FT. LAUDERDALE, Fla.—Republican Florida Gov. Rick Scott says he is prepared to hit the ground running if he defeats Sen. Bill Nelson (D.) in a hotly contested race next week, telling the Washington Free Beacon he is prepared to enforce tough new sanctions on Iran and forward President Donald Trump's national security agenda in Congress.
Scott, at a "Bikers for Trump" campaign stop in southern Florida on Sunday, urged the 75 or so supporters in attendance to "go out and fight" in order to help Republicans win the ticket in several highly contested races that could serve as a bellwether for conservative candidates across the country.
Scott, decked out in a patched-over biker's vest he borrowed from one attendee, told the crowd that border security, lower taxes, and increased job growth amounts to "more prosperity for all of us."
"But we have to get out and vote," Scott said, an admission that Republicans are facing an uphill battle as liberal Democrats across the country galvanize in hopes of sending President Donald Trump a message of dissatisfaction.
Scott has positioned himself as a Washington, D.C., outsider, putting him at a stark contrast from Nelson, who has served in the Senate for 18 years and earned himself a record that Scott says shows little returns for Florida and the nation.
"There's no blue wave, but if we don't vote, there could be," he said to chants of "USA," a staple that can be heard radiating from crowds at Republican events across Florida. "We need to win all these races."
Scott, in comments before the crowd and separately to the Free Beacon in an interview, emphasized his commitment to helping average Florida citizens, but also discussed his readiness to confront the globe's toughest foreign policy issues as senator.
Scott, an avid Free Beacon reader who praised this reporter's publication and said he reads it "every day," criticized Nelson on key foreign policy issues, vowing a vastly different approach from the current sitting senator, who has endorsed the landmark Iran nuclear deal and worked to remove sanctions from the Islamic Republic.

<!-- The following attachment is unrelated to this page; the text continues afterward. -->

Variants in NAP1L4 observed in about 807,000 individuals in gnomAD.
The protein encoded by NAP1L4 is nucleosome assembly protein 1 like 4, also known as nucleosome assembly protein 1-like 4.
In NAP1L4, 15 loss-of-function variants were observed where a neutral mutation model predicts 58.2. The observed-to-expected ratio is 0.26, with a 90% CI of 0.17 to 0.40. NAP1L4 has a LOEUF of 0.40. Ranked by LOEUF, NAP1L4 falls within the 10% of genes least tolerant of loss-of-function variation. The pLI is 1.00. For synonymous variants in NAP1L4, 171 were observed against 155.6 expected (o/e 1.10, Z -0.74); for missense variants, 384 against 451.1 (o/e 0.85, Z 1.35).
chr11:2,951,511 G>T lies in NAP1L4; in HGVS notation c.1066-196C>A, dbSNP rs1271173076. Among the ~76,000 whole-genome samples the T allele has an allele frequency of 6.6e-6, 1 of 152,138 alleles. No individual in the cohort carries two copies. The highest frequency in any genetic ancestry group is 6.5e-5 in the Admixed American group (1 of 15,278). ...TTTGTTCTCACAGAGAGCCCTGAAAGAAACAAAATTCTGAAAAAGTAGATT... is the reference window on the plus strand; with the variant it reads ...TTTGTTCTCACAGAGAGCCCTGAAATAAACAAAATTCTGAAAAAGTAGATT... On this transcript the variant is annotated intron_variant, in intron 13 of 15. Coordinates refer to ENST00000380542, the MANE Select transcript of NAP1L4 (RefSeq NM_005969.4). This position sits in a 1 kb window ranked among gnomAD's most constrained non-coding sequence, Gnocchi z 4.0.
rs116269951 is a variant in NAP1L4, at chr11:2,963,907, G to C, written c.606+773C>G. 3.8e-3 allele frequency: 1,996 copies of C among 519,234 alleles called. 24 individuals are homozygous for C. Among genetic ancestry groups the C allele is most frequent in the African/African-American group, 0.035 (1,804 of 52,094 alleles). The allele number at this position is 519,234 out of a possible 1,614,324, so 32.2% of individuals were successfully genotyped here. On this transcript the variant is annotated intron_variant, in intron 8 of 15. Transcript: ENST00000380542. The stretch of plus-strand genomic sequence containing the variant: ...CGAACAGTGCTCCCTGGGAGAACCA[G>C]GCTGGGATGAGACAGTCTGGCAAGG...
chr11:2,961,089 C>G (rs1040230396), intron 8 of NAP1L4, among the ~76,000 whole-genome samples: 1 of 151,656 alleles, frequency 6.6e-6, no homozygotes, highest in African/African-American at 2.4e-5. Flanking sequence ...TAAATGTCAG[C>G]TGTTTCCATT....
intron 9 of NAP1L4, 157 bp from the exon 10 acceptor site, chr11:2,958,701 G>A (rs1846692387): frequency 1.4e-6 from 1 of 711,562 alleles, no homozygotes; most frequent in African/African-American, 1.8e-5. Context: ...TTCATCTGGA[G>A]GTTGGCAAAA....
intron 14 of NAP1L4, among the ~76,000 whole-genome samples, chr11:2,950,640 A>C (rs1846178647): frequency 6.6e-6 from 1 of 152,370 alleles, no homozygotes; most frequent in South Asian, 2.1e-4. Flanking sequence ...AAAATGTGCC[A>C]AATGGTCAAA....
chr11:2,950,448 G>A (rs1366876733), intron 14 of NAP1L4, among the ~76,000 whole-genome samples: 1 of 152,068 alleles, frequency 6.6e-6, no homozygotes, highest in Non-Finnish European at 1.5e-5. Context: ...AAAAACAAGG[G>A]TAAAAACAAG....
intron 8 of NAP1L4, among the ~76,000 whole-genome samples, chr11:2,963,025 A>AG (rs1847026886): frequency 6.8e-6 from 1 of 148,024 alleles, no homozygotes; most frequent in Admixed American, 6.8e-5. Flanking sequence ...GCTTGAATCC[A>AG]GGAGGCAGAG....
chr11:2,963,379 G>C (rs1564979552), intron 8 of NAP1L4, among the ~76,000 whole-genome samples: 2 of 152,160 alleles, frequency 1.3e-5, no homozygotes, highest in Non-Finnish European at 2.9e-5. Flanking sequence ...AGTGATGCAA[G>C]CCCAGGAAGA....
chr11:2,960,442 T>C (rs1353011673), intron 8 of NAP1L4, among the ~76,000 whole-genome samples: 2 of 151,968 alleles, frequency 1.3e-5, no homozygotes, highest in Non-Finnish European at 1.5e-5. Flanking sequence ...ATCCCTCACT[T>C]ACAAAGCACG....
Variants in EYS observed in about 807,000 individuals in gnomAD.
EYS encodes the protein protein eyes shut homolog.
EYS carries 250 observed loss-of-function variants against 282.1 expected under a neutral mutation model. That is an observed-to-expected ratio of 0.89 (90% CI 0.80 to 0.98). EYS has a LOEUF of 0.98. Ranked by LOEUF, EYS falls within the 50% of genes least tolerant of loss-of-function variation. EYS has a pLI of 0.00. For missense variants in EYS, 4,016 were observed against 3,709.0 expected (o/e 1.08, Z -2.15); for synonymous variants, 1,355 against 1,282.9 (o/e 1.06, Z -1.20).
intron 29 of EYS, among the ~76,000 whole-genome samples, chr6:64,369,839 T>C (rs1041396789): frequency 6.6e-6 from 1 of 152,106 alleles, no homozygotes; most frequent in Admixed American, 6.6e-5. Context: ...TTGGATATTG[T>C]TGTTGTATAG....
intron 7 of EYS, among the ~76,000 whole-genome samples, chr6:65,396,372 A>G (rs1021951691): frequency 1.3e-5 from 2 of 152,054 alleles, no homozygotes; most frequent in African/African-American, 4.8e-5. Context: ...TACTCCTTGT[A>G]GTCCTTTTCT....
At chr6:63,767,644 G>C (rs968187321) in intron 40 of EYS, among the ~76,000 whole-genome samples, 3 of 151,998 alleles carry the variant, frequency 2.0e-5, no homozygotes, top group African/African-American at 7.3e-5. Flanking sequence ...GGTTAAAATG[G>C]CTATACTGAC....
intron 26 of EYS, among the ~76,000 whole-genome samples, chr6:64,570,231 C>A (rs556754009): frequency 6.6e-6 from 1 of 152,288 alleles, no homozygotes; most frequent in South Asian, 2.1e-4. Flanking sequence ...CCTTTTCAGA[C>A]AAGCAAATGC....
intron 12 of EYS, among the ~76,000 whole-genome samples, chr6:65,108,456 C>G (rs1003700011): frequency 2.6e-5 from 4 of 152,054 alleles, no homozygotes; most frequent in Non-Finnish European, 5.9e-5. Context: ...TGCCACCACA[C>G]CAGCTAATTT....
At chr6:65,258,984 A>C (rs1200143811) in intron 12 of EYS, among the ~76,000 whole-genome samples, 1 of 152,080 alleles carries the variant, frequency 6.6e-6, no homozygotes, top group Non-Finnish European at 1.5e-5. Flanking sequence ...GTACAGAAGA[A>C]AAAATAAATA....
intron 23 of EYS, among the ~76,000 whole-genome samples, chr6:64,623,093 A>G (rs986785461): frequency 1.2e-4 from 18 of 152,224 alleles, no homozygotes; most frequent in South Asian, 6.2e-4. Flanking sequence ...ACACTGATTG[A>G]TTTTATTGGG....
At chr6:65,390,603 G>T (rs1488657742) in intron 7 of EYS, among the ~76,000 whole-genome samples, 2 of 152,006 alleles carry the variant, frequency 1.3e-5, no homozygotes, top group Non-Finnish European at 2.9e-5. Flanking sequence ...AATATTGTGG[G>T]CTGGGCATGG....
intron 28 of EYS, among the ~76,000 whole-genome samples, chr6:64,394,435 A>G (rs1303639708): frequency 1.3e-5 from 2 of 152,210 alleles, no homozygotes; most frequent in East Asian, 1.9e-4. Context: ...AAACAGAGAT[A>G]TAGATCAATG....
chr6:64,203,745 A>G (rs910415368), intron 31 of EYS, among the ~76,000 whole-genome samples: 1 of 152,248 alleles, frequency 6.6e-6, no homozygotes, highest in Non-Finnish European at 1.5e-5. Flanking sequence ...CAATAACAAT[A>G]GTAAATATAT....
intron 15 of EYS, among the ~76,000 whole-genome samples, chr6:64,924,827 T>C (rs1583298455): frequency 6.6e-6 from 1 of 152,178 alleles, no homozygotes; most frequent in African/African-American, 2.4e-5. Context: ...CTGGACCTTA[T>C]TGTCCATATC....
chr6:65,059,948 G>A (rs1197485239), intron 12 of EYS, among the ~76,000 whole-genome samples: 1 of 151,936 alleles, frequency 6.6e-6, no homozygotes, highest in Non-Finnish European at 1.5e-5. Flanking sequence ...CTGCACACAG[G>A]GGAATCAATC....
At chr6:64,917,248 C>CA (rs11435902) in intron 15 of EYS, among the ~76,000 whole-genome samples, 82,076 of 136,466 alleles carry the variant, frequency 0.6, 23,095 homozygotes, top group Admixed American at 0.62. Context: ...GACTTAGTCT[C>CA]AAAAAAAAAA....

"Here's Bill Nelson," an energetic Scott told the Free Beacon after shaking scores of hands. "He wants to complain about the federal government, but he's part of the federal government. He is responsible for how they act."
Nelson has served in the Senate for over a decade, but he has "never done anything," Scott said, discussing his record as governor, which has been praised by liberals and conservatives alike due to his focus on topline issues. "He's done a bunch of photo [opportunities] and nothing else."
Asked how he sets himself apart from Nelson, a veteran D.C. insider, Scott told the Free Beacon, "I'm for the average person who says, ‘I want to keep my money, I want to get a good job.'"
When informed he was speaking to a Free Beacon reporter, Scott beamed, telling this reporter, "I look at it every day."
"I think the way you guys do your website, that's what I appreciate," he said.
When pressed on foreign policy issues, oftentimes a tough milieu for state-based politicians. Scott did not demure.
"I represent normal people. I grew up in public housing. I don't know my Dad. My family has had a lot of problems, the same problems your family has had."
"I can relate to their issues. I've shown up for eight years and said, ‘How can I solve your problems?'"
"Bill Nelson, he doesn't show up. He is Washington. It doesn't appear he wants to come down here and campaign. He wants to stay in Washington. He never does anything," Scott said, noting that, in his estimation, Nelson has proposed over 900 pieces of legislation, only 11 of which "have become law."
"He'll propose a bill," Scott said, "it never goes anywhere."
Sen. Lindsay Graham (R., S.C.) stumped for Scott, even though the veteran Republican rarely turns out to help unseat sitting members of Congress.
"When Bill Nelson supported the Iran deal, it was completely anti-Israel," Scott said, embracing a tough new package of economic sanctions that are set to hit Iran on Monday. "It was a horrible deal and he supported it."
Scott, as the top official in Florida, also has worked to thwart the influence of communist regimes in South America.
When it comes to "Iran, Cuba, Maduro, Ortega, we've got to fight all this stuff," Scott told this reporter.
Those in attendance at the Scott rally say they understand the gravity of the election.
Although it's a mid-term battle with no presidential ticket, Trump remains one of the most galvanizing forces on both sides.
"I don't think, in my opinion, that the election is so close," said Joey Porcelli, 56, a Palm Beach County resident who turned out to the Scott rally. "The media and the polls are corrupting it. I can't take that chance, so that's why I'm here."
"To me, Rick Scott is a businessman and not a politician and that's why he gets things done," Procelli said, echoing comments from many of those who are backing Scott in his bid to defeat Nelson.